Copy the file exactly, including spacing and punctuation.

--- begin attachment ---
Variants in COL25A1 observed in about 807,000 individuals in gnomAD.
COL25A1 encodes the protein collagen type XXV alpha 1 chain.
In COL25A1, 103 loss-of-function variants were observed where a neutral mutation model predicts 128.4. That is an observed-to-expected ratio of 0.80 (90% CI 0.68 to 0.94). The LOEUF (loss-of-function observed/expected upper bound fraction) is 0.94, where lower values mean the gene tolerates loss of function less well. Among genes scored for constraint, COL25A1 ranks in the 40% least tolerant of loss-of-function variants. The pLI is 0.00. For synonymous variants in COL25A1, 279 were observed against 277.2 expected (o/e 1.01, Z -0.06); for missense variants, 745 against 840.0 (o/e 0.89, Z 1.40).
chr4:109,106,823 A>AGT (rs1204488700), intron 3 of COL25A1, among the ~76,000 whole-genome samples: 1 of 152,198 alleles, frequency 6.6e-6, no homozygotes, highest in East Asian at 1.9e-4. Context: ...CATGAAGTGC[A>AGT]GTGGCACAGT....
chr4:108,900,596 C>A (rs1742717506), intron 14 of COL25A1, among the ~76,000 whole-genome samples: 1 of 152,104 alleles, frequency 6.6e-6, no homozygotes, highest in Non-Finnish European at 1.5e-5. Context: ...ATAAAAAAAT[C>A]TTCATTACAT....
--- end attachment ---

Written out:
Variants in COL25A1 observed in about 807,000 individuals in gnomAD.
COL25A1 encodes the protein collagen type XXV alpha 1 chain.
In COL25A1, 103 loss-of-function variants were observed where a neutral mutation model predicts 128.4. That is an observed-to-expected ratio of 0.80 (90% CI 0.68 to 0.94). The LOEUF (loss-of-function observed/expected upper bound fraction) is 0.94, where lower values mean the gene tolerates loss of function less well. Among genes scored for constraint, COL25A1 ranks in the 40% least tolerant of loss-of-function variants. The pLI is 0.00. For synonymous variants in COL25A1, 279 were observed against 277.2 expected (o/e 1.01, Z -0.06); for missense variants, 745 against 840.0 (o/e 0.89, Z 1.40).
chr4:109,106,823 A>AGT (rs1204488700), intron 3 of COL25A1, among the ~76,000 whole-genome samples: 1 of 152,198 alleles, frequency 6.6e-6, no homozygotes, highest in East Asian at 1.9e-4. Context: ...CATGAAGTGC[A>AGT]GTGGCACAGT....
chr4:108,900,596 C>A (rs1742717506), intron 14 of COL25A1, among the ~76,000 whole-genome samples: 1 of 152,104 alleles, frequency 6.6e-6, no homozygotes, highest in Non-Finnish European at 1.5e-5. Context: ...ATAAAAAAAT[C>A]TTCATTACAT....